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Sunday, September 2, 2012

The Watching Lots


What is this place
Publix Cub Foods Safeway
Ralphs A and P
or any of a thousand stores
where the old sit
inside the cars of their wives
sons daughters
the caretakers of the challenged
in their later years
with Alzheimer's or just
significant white matter disease
that pulls the sitters away from
the rest of us
who pass by with our shopping carts
the ones who do not notice
that an old person is in a car
on a hot day

Now if it were a dog
we'd check to make certain
the windows were down
or a child where police
would be rushed
to break the window
or fish the lock open
to save the young one

But it's just an older person
we assume to be an adult
capable of all the adult decisions
we have for ourselves
as the heaps of Cheerios
flavored yogurt
household goods
sail by those empty eyes

Are we even in thought
when we park across
from another car
that maybe the tired one
is inside to buy the necessities
for the one inside the far stare
who wears the Depends
and spends most of the day
in front of a television
entertained by everything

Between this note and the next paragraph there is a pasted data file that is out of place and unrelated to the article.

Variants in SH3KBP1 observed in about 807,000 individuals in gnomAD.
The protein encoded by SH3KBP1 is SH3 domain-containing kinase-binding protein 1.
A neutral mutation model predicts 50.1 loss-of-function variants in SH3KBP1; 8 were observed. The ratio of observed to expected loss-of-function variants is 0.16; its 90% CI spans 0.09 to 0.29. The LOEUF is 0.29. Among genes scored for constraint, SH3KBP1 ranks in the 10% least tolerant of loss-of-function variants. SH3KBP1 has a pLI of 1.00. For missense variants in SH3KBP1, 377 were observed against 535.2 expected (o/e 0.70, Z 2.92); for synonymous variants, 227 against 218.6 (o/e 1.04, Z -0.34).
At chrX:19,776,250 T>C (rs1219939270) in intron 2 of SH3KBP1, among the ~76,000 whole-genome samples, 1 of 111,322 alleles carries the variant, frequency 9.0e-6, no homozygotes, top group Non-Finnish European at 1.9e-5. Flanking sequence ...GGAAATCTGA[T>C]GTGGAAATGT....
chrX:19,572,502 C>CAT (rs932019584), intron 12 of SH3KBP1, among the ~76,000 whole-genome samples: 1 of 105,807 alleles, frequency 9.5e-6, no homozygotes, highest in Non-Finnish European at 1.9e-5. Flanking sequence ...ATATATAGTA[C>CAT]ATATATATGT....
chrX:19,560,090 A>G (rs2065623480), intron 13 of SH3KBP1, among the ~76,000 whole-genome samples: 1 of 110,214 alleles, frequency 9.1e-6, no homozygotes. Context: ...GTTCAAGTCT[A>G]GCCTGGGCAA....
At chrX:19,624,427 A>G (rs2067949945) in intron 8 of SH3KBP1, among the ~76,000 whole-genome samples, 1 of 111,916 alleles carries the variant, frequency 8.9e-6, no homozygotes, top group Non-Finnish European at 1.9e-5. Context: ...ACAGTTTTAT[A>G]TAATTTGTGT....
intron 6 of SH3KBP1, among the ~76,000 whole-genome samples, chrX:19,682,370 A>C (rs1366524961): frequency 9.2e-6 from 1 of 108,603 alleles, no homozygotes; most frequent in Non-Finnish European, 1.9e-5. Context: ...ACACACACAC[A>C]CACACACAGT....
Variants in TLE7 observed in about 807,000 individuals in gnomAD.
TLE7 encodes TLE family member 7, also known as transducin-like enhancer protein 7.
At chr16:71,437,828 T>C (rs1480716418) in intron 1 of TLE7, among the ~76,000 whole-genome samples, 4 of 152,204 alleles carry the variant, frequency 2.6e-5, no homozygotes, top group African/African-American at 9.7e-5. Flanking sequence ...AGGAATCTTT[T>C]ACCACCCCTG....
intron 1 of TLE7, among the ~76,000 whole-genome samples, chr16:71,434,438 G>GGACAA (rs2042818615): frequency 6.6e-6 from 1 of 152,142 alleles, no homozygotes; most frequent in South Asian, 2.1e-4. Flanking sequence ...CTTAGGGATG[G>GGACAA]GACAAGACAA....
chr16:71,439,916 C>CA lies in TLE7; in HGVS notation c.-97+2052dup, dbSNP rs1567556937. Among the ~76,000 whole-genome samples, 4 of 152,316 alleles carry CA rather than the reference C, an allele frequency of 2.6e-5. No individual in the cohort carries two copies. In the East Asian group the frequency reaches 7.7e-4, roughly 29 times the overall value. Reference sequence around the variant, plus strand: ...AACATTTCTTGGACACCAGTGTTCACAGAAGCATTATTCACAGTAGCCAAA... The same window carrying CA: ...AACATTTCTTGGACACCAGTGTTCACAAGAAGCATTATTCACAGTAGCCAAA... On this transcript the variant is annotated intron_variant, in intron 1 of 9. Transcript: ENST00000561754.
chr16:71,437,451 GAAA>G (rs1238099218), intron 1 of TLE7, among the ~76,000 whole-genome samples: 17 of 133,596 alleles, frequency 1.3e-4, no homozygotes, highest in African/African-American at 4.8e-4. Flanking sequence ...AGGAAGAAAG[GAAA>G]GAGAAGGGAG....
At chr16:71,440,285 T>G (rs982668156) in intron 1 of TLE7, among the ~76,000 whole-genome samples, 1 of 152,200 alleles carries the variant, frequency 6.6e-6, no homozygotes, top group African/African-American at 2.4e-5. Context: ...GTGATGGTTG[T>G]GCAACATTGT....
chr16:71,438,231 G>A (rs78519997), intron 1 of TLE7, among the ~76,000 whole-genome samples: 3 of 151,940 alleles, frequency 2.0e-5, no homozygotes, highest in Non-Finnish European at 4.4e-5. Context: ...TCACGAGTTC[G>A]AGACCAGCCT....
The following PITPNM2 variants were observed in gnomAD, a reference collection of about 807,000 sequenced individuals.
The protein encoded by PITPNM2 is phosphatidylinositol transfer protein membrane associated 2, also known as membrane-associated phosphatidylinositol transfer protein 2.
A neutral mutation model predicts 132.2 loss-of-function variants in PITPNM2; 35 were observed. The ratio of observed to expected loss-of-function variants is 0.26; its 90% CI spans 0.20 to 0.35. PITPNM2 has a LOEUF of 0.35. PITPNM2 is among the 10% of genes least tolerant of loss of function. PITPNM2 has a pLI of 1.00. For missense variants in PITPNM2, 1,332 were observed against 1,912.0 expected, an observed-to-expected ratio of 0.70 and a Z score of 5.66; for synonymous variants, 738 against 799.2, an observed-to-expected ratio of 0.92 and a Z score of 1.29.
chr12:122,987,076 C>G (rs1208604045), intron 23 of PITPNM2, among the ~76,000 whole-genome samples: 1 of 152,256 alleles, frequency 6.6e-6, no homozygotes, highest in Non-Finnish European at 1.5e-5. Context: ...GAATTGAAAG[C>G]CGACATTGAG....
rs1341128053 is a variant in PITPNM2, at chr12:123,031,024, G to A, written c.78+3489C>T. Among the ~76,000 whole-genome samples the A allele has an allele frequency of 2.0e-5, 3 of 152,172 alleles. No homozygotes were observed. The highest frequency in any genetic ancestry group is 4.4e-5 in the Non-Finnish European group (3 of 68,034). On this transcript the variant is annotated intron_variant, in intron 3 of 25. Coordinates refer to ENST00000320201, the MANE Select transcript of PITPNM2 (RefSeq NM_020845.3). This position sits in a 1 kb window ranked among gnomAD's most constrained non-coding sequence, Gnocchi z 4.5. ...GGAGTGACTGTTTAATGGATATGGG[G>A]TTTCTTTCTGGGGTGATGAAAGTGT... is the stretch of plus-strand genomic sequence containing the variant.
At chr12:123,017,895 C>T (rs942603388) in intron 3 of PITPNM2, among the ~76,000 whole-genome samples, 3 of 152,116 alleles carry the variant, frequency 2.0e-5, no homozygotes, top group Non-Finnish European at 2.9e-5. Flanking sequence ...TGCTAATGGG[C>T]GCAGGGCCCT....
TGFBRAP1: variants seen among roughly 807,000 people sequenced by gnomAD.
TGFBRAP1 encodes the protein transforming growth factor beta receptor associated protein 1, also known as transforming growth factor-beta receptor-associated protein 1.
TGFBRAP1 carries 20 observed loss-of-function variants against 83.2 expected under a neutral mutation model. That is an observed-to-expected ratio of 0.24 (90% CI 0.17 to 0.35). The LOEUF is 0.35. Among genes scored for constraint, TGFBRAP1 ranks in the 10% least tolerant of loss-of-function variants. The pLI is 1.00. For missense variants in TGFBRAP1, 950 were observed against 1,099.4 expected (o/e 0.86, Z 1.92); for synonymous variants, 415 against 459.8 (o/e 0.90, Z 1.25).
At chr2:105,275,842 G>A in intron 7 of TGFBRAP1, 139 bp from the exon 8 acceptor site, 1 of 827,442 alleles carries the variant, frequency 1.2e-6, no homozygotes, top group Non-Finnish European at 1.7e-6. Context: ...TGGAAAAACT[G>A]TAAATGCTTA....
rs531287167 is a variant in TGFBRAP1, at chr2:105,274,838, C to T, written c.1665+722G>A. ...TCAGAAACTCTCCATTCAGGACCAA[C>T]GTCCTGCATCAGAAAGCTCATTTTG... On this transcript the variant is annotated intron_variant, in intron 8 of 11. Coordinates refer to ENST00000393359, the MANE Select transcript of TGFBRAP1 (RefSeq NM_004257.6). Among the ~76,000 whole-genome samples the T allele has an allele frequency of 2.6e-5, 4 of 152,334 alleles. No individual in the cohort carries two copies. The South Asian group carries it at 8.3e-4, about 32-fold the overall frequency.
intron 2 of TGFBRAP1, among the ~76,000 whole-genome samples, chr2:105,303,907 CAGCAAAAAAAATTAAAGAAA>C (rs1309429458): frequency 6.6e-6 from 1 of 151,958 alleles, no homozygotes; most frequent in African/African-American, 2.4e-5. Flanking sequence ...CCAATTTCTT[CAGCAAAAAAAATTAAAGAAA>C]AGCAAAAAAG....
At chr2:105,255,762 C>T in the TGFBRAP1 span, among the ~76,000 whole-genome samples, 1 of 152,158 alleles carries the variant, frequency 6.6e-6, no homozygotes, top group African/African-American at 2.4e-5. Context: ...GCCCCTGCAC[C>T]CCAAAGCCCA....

the family cannot provide

For the minutes they are alone
on a cold or hot day
you are the watcher
who makes certain
nothing happens to the ones
who tossed a child on his knee
or carried the shopper to term
because now
the child has become the parent
the child who is the only one
in a large family who cares
or loves
and can't leave the wanderer
at home
to fall down the stairs
to forget the walker
to imagine they go off to work
or hear a party down the block
you provide the respite
as you in thoughtless hurry
park to buy a salad or a sandwich

So this is the watching lot
full of old people sitting in vehicles
not quite with us
and yet alive inside the years
that you see on their faces
their lonely faces
as they wait for the one
who gives them a bath
feeds them some chicken
who makes peas far too often
the one who wakes up in the middle
of the night to any sound
their parent makes
the tears of a dream
the shouts of a happy child
remembered in the dark
the tired son
the exhausted daughter
away from their father or mother
to get a bit of life
as they shop for a break
you now give them
for five ten or fifteen minutes
the only time they have away
or are a part of the world
outside the home where
mummy or daddy
provides an absolute rule
often in silence
the kings and queens of emptiness
as their last golden moments
tick away in a lift chair
or a ten year old Chevy
in the parking lot of a grocery store


Copyright (c) 2012 by Barry G. Wick








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